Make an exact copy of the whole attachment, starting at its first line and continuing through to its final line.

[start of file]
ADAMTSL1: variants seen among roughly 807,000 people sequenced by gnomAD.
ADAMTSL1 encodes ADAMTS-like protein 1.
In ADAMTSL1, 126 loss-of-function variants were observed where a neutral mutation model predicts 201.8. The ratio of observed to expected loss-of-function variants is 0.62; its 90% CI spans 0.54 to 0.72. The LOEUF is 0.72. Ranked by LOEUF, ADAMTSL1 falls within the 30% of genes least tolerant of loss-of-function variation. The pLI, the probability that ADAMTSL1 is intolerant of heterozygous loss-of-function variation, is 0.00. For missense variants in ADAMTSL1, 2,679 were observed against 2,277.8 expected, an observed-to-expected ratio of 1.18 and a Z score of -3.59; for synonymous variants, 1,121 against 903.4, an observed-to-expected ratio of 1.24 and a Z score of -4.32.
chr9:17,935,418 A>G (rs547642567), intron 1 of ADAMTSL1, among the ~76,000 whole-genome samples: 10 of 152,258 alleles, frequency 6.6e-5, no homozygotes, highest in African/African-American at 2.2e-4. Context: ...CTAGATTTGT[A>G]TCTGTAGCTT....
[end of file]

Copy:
ADAMTSL1: variants seen among roughly 807,000 people sequenced by gnomAD.
ADAMTSL1 encodes ADAMTS-like protein 1.
In ADAMTSL1, 126 loss-of-function variants were observed where a neutral mutation model predicts 201.8. The ratio of observed to expected loss-of-function variants is 0.62; its 90% CI spans 0.54 to 0.72. The LOEUF is 0.72. Ranked by LOEUF, ADAMTSL1 falls within the 30% of genes least tolerant of loss-of-function variation. The pLI, the probability that ADAMTSL1 is intolerant of heterozygous loss-of-function variation, is 0.00. For missense variants in ADAMTSL1, 2,679 were observed against 2,277.8 expected, an observed-to-expected ratio of 1.18 and a Z score of -3.59; for synonymous variants, 1,121 against 903.4, an observed-to-expected ratio of 1.24 and a Z score of -4.32.
chr9:17,935,418 A>G (rs547642567), intron 1 of ADAMTSL1, among the ~76,000 whole-genome samples: 10 of 152,258 alleles, frequency 6.6e-5, no homozygotes, highest in African/African-American at 2.2e-4. Context: ...CTAGATTTGT[A>G]TCTGTAGCTT....